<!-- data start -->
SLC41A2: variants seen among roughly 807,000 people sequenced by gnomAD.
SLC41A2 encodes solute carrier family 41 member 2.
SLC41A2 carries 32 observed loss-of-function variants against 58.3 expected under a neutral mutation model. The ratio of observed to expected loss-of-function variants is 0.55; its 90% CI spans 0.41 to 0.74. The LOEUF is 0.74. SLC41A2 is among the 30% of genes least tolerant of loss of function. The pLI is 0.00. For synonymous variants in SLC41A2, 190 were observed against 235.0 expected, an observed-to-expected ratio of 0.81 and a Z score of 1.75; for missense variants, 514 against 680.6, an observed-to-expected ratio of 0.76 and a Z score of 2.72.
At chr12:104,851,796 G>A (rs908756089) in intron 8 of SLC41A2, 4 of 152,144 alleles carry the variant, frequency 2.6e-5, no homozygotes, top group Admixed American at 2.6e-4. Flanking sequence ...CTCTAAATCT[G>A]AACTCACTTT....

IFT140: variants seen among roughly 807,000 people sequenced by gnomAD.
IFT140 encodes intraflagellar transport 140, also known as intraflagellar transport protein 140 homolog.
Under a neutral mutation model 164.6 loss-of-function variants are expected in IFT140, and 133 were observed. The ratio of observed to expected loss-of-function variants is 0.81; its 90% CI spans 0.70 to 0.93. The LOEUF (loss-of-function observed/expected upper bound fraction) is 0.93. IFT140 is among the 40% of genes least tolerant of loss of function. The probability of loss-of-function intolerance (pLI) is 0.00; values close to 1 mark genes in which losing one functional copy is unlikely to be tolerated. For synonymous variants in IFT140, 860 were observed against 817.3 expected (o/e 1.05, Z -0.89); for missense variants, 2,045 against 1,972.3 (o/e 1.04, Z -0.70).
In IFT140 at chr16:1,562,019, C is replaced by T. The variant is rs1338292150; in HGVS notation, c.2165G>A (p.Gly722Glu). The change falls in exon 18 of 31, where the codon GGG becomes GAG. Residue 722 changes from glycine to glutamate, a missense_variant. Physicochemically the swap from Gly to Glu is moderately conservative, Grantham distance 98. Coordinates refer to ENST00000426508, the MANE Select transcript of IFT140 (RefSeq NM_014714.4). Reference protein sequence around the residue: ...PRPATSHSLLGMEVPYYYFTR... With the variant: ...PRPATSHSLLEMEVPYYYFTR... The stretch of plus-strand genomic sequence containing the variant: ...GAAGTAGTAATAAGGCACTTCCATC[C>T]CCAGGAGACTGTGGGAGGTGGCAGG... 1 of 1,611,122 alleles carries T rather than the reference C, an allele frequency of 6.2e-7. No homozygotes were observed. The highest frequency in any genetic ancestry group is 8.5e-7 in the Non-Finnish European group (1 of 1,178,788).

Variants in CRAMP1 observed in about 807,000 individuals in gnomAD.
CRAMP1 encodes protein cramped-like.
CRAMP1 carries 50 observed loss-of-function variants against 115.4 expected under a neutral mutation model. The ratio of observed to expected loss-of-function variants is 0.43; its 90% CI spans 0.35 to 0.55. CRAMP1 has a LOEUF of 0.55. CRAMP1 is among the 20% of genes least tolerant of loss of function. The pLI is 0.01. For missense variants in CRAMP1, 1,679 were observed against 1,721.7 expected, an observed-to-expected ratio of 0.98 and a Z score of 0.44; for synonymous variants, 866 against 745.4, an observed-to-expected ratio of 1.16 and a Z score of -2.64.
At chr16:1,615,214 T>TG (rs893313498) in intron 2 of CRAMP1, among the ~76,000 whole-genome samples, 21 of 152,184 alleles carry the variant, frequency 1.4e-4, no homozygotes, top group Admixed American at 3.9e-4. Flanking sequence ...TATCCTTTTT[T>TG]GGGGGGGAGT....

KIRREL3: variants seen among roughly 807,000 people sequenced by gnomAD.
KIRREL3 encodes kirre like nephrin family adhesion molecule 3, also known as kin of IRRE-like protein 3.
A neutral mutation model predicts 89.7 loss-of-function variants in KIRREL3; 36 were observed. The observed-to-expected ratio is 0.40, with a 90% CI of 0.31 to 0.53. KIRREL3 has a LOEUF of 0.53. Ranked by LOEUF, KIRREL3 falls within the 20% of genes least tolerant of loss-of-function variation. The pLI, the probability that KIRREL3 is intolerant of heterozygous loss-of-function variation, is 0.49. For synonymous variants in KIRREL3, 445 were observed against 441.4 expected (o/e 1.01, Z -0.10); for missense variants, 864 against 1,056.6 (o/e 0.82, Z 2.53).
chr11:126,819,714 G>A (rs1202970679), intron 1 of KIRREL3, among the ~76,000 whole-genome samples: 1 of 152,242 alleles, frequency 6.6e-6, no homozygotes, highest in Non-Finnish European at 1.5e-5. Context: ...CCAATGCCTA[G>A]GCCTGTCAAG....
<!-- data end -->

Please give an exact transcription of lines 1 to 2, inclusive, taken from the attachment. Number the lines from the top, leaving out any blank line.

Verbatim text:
SLC41A2: variants seen among roughly 807,000 people sequenced by gnomAD.
SLC41A2 encodes solute carrier family 41 member 2.